Operations

Ecommerce is a key part of growing driverless vehicle deployments

New agreements from Uber and Loblaw set the stage to bring AVs to the last and middle-mile.

Ecommerce is a key part of growing driverless vehicle deployments

A pair of moves to deploy driverless vehicles are being called landmarks for the efforts to introduce autonomous logistics into ecommerce.

The partnerships span both the last mile and middle mile. Take a look:

​Gatik goes driverless with Loblaw in Canada

A Gatik truck A Gatik truck. (Photo by The Current)

In Canada, the grocer Loblaw is expanding a relationship with Gatik, an autonomous middle mile logistics company.

This week, Gatik said it is launching fully-driverless vehicle operations for Loblaw. Gatik box trucks are transporting “select” grocery orders for Loblaw’s PC Express service, which provides delivery of grocery and convenience items.

It marks the first time Gatik removed the driver on a daily delivery route in Canada. The companies said autonomous vehicles enable Loblaw to operate more routes, make more frequent trips, and create a more sustainable and resilient supply chain.

The companies started deploying autonomous vehicles in January 2020. They have since transported 150,000 autonomous deliveries with a safety driver onboard. The safety record in that time has been 100%, the companies said.

To verify safety, Loblaw commissioned a three-month study by a third-party firm. Then, Gatik’s fleet transported goods seven days a week from a Loblaw distribution facility to five retail locations in Greater Toronto on fixed, repetitive and predictable routes.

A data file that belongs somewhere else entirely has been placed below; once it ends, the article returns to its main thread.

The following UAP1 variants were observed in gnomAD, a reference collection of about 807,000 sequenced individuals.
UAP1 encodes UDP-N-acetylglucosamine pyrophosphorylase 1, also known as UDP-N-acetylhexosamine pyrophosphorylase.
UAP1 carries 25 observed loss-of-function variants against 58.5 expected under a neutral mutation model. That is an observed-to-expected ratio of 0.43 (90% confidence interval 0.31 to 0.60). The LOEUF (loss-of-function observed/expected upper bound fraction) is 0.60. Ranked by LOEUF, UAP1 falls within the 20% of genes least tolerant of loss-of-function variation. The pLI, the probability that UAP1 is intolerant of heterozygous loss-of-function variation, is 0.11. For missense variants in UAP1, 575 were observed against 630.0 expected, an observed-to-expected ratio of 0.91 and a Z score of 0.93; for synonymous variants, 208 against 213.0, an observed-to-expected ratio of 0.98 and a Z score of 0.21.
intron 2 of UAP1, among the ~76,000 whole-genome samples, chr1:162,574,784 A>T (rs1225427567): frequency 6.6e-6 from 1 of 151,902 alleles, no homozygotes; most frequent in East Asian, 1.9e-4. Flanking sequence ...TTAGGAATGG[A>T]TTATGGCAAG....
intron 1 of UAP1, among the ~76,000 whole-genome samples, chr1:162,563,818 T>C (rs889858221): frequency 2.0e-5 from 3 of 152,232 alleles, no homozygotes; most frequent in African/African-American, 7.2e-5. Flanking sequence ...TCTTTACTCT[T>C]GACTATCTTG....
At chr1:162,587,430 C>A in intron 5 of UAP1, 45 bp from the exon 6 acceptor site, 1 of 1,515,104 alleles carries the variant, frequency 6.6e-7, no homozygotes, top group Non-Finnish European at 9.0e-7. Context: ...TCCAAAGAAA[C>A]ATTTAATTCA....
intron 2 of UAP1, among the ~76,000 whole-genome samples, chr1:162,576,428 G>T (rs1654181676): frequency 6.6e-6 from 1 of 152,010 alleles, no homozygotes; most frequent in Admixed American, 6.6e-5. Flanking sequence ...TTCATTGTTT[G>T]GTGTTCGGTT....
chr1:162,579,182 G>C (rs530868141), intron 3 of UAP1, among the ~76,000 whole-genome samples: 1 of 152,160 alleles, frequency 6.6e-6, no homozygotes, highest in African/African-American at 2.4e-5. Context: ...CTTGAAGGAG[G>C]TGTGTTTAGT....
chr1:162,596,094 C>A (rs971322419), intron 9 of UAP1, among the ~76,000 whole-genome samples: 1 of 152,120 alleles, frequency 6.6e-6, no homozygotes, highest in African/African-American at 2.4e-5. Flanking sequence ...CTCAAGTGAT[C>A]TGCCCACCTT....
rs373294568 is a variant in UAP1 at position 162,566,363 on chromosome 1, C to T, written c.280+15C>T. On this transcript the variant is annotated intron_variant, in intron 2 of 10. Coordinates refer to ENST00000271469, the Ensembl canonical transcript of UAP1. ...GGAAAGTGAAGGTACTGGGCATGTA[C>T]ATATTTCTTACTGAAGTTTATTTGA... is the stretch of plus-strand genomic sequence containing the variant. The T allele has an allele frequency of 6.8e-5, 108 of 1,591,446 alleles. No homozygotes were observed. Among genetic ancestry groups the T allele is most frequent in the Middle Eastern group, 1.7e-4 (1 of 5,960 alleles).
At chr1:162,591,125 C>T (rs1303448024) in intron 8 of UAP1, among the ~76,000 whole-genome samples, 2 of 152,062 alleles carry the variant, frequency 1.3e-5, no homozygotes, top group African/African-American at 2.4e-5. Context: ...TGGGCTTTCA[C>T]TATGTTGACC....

“This milestone marks the expansion of Gatik’s autonomous delivery service to Loblaw’s customers across multiple sites,” said Gautam Narang, CEO and cofounder of Gatik, in a statement. “Canada is the latest market in which we’ve launched our fully driverless service, further validating that the tangible benefits of autonomous delivery are being realized first in B2B short-haul logistics. It’s a privilege to achieve this commercial and technical landmark with Canada’s largest retailer.”

Gatik’s box trucks are designed for the middle mile, which transports goods between retail facilities and storage. Last month, the company signed an agreement with Pitney Bowes to pilot autonomous logistics for ecommerce operations in the Dallas area, starting in early 2023. The growth shows the advantages of autonomy can be realized not only in delivery, but also in moving goods upstream.

It comes on the same week that Loblaw is expanding last-mile delivery options as well. Alongside PC Express, Loblaw is making delivery from DoorDash available at nearly 1,100 stores under its umbrella. While ordering will be available through DoorDash Marketplace, DoorDash will also power delivery of PC Express goods through its white-label service.

"Online grocery has changed. It is not a one-size fits all solution. Customers are looking for varying levels of convenience – orders within minutes, shopping from favourite apps, and a seamless experience," said Galen G. Weston, president of Loblaw companies.